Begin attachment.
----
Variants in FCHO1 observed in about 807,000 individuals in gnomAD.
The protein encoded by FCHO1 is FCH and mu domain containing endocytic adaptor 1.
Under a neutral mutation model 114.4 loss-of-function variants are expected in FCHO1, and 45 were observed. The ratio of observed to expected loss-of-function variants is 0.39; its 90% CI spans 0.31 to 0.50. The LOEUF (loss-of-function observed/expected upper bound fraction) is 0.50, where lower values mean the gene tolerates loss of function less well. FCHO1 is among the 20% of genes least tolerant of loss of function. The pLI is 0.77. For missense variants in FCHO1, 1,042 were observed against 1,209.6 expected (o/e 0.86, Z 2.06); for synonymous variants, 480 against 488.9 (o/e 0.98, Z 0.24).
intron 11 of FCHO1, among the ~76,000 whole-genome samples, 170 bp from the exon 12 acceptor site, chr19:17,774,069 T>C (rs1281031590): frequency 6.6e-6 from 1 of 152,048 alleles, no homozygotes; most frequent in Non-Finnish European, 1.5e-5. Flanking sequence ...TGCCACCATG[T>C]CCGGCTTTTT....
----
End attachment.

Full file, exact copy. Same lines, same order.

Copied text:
Variants in FCHO1 observed in about 807,000 individuals in gnomAD.
The protein encoded by FCHO1 is FCH and mu domain containing endocytic adaptor 1.
Under a neutral mutation model 114.4 loss-of-function variants are expected in FCHO1, and 45 were observed. The ratio of observed to expected loss-of-function variants is 0.39; its 90% CI spans 0.31 to 0.50. The LOEUF (loss-of-function observed/expected upper bound fraction) is 0.50, where lower values mean the gene tolerates loss of function less well. FCHO1 is among the 20% of genes least tolerant of loss of function. The pLI is 0.77. For missense variants in FCHO1, 1,042 were observed against 1,209.6 expected (o/e 0.86, Z 2.06); for synonymous variants, 480 against 488.9 (o/e 0.98, Z 0.24).
intron 11 of FCHO1, among the ~76,000 whole-genome samples, 170 bp from the exon 12 acceptor site, chr19:17,774,069 T>C (rs1281031590): frequency 6.6e-6 from 1 of 152,048 alleles, no homozygotes; most frequent in Non-Finnish European, 1.5e-5. Flanking sequence ...TGCCACCATG[T>C]CCGGCTTTTT....